Things improve once they get to the Misty Mountains (mainly because finally, two hours in, we're actually moving the story along) and Riddles in the Dark does wonders in finally making Bilbo the main event rather than just along for the ride, but it's a rough road before then. Thorin's beef with Bilbo doesn't surface until after the rock giant fight--it feels horned in and the payoff at the end means little, due to how little Bilbo and Thorin interact before then. And even then, it feels like small potatoes.

 

We spend three hours on first act stuff, so when the score starts sampling The Breaking of the Fellowship during Thorin's big slow motion face off with Azog, I was wondering just what in the hell we're meant to be rooting for--other than Thorin saying "hey, the little guy, he's alright," nothing of consequence happens in this movie, character wise. The question of whether Thorin can lead is never posited--the company is in awe of him after the story of Moria (question: if it's so well known that Moria is overrun with dwarves, why is Gimli and company so heartbroken and shocked in Fellowship when they discover, well, it's overrun?), so him standing up and facing Azog is a big "why is this getting this big of a moment?" That's a feeling that persists over and over again in this movie-- "Why are we focusing on this? What does this matter? When is this fucker going to get a move on?"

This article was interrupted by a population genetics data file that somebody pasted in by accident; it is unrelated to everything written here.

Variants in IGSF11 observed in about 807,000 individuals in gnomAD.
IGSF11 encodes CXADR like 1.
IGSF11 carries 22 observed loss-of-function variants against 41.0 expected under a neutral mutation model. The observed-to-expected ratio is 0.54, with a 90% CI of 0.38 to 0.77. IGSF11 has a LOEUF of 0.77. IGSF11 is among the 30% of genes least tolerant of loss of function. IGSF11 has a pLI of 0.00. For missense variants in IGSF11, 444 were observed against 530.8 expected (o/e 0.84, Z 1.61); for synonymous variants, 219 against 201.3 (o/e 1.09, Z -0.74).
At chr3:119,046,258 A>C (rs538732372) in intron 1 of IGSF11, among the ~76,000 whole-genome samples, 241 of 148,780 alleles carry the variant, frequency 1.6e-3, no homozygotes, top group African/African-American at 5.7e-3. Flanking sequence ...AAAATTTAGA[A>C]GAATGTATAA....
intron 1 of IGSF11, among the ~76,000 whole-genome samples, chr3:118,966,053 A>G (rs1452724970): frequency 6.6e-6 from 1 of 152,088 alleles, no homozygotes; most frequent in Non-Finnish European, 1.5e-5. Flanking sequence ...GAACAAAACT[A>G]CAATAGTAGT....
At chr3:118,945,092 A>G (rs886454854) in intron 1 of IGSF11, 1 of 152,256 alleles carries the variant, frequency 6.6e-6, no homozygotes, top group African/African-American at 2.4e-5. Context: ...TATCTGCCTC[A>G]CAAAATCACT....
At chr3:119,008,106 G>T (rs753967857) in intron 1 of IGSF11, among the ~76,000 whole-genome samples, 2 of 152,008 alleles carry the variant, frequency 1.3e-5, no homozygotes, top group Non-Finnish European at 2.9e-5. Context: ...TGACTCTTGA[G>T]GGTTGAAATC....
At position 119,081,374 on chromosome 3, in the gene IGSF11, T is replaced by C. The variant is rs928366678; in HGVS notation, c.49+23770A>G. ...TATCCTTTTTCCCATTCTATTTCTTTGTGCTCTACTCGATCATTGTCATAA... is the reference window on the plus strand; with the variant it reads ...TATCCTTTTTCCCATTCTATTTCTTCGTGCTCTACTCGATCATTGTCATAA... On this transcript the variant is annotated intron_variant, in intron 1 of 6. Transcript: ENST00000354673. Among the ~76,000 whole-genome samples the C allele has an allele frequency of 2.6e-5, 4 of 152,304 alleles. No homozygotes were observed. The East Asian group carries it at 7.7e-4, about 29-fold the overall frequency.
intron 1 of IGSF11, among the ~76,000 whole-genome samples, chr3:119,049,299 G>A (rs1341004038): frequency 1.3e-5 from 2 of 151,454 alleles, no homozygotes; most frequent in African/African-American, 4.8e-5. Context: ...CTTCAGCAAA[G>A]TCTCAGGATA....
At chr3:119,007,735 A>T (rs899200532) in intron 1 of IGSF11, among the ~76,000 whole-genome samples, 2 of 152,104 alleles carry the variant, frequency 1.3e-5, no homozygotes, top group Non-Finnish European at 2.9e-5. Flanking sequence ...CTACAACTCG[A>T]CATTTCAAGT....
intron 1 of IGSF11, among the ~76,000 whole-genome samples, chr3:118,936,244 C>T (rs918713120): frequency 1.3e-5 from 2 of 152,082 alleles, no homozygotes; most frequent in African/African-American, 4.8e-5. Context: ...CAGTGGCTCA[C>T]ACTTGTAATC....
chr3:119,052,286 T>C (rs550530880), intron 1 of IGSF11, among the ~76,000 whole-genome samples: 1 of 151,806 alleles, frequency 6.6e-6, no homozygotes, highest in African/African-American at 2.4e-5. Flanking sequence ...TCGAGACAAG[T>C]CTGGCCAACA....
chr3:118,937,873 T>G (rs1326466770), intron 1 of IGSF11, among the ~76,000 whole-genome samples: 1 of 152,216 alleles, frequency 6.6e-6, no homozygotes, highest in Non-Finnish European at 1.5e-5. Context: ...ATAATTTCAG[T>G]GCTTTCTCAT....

What drives me batty personally is I honestly enjoyed quite a bit about the film, especially when they let Bilbo be Bilbo in his own story, but the constant side stepping and slapdash editing just made the film as a whole feel interminable. I'm hoping the next film is more focused, because another film that takes two hours to actually build some momentum just might push me over the edge.

 

P.S.--Had a real problem with Bilbo making his first kill with the warg and the orc. It's undermined his ass kicking with the spiders, because now we've already seen him step up and pull their ass out of the fire. Way to hamstring your main character's arc, PJ.

 

Agree with every single word of this.